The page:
About

Predictive models and analysis are typically used to forecast future probabilities. Applied to business, predictive models are used to analyze current data and historical facts in order to better understand customers, products and partners and to identify potential risks and opportunities for a company. Predictive Risk Analytics (PRA) uses a number of techniques, including data mining, statistical modeling and machine learning to help analysts make future business forecasts.” However, our RuleSphere research over the course of 2013 and 2014 has indicated that the current PRA vendors do not address the areas of enterprise resiliency and complexity management. For this reason, RuleSphere has entered this market with the help of our partner Ontonix S.r.l.

Current vendors in the Predictive Risk Analytics software application marketplace include the following vendors. But once you explore them, you will quickly find out that none of the vendors, except Ontonix / RuleSphere address enterprise resiliency, complexity management, critical infrastructure and our other application-focused solution areas shown on our home page:

• Angoss

• IBM Predictive Analytics

• KXEN

• Ontonix / RuleSphere International, Inc. < Leadership in Quantive Complexity Management, critical infrastructure oversight, internal audit programs for complexity management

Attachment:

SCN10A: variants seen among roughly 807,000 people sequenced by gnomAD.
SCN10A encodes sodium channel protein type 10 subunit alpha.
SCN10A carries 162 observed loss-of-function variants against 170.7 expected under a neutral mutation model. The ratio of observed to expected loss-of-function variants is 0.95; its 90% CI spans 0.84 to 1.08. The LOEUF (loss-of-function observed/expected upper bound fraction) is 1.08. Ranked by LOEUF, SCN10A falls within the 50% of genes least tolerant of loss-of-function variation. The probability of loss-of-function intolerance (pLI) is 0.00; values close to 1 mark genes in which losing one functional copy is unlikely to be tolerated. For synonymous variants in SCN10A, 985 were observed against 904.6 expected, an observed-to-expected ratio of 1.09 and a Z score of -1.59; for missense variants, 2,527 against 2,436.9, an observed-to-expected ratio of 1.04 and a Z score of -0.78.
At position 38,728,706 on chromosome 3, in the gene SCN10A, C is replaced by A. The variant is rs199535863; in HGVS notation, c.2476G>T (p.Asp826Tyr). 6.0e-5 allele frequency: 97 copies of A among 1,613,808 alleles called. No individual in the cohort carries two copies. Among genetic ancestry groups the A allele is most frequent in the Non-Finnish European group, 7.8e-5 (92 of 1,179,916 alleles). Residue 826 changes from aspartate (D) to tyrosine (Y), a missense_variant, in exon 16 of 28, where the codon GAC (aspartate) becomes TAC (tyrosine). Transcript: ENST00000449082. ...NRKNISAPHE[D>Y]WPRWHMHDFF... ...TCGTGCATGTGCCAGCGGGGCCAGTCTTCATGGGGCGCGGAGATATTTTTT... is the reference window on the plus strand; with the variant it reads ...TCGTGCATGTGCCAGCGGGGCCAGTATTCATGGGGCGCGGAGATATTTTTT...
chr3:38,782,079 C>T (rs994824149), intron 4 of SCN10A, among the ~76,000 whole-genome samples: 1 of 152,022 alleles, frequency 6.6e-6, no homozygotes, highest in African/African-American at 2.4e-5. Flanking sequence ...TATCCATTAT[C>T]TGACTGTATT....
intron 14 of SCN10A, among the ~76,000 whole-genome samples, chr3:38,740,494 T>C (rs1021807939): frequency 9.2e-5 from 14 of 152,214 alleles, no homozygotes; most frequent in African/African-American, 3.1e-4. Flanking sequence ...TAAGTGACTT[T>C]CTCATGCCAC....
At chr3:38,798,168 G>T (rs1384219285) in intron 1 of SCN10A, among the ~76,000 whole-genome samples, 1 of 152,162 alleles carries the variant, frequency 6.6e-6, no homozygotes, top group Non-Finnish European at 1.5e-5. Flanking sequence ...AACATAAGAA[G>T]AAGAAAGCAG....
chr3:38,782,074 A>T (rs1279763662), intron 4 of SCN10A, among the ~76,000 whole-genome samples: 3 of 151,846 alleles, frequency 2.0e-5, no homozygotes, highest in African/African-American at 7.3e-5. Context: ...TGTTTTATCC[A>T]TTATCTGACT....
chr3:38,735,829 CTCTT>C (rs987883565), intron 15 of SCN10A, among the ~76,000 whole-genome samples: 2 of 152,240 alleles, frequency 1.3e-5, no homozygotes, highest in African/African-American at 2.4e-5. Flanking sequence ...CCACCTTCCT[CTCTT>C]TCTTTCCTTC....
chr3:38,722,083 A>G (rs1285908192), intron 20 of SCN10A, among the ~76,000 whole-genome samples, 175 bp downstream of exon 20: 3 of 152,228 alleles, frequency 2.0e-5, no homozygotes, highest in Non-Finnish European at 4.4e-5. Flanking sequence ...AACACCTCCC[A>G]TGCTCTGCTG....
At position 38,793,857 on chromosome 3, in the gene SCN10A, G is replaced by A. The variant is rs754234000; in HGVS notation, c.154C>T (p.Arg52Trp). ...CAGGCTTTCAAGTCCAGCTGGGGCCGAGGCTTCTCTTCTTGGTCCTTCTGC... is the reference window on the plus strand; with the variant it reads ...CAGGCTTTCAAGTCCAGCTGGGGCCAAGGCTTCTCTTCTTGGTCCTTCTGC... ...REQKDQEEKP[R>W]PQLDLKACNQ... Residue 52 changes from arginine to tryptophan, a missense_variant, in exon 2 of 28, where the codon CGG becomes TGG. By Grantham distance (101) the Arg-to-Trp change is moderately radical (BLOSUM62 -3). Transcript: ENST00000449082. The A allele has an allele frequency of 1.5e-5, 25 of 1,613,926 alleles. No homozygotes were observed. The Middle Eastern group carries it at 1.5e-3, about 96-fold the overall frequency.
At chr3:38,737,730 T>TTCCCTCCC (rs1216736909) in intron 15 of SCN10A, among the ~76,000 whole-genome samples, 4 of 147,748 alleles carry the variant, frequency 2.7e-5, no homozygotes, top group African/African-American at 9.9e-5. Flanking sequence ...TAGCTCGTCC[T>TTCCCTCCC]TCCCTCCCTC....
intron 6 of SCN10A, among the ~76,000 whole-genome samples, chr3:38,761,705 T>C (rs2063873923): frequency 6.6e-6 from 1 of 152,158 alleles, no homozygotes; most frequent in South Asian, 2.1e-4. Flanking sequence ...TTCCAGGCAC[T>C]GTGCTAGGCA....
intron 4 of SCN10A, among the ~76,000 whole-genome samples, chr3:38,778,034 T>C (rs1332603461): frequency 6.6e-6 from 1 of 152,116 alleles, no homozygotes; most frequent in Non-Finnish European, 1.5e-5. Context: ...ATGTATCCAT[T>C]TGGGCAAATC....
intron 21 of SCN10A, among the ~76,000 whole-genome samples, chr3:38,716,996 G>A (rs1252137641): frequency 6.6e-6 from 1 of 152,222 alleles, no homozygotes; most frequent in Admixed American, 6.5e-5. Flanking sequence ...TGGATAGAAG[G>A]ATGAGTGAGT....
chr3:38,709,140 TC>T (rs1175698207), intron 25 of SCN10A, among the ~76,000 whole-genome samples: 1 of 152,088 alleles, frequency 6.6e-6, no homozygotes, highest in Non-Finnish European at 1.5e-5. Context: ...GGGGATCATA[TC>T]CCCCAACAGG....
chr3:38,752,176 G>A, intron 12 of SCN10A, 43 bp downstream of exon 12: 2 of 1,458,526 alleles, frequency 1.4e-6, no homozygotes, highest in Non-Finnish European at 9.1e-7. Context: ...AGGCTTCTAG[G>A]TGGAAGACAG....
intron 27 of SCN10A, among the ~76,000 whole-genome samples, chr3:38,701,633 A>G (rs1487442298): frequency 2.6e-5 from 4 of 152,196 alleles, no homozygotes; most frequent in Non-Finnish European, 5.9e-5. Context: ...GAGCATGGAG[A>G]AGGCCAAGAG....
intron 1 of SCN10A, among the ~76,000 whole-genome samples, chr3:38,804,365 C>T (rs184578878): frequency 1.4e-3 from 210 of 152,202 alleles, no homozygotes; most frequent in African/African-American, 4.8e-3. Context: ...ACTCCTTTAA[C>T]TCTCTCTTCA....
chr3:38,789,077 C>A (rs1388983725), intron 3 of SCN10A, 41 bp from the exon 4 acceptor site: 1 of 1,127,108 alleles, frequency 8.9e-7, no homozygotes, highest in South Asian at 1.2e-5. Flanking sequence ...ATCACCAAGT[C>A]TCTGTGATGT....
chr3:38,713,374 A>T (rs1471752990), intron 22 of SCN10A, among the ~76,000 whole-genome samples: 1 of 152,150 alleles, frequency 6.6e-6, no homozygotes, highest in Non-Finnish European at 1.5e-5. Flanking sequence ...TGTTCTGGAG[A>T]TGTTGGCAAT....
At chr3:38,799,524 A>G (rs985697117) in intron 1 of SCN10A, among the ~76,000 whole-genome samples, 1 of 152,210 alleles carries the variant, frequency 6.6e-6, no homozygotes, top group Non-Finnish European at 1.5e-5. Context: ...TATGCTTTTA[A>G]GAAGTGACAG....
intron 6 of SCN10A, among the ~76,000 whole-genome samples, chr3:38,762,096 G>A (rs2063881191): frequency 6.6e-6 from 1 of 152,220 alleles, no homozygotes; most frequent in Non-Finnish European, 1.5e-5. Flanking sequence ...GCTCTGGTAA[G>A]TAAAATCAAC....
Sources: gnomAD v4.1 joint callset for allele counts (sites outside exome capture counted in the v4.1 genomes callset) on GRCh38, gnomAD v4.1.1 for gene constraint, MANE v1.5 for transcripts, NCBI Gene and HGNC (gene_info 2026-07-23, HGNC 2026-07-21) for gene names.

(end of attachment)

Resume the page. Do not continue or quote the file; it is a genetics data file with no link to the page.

• Oracle Data Mining

• Palantir

 Pervasive

• Revolution Analytics

• Salford Systems

• SAP Predictive Analytics

• SAS Analytics

• Statistica

• Tibco Analytics Software

Ontonix provides a new Predictive Risk Analytics approach with a highly differentiated SaaS-based multi-tenant application. Ontonix and RuleSphere focus on helping companies to assess the mission-critical areas of enterprise infrastructure and resilience. Ontonix solutions are now available to customers in North America through RuleSphere.


About

RuleSphere helps companies to build enterprise agility through Predictive Risk Analytics. We do this by helping our clients to reduce the cycle-time needed to respond to business change. We help our customers to achieve breakthrough performance using progressive business systems and infrastructure that foster unparalleled agility and flexibility in business operations and information systems. 


Why is a Predictive Risk Analytics Initiative so important in driving strategic shareholder value?

1.) Improve critical thinking

2.) Foster a new understanding of how to enhance an individual’s abilities in complex problem solving, and 

3.) Strengthen judgment and decision-making 

These 3 Critical Success Factors, in turn, drive and enhance four other enterprise capabilities...

4.) Corporate Architectures of the Future 

5.) Organizational Performance

6.) Operational Effectiveness

7.) "Concurrent Enterprising" including the development of parallel ways of working, and collaborative work methods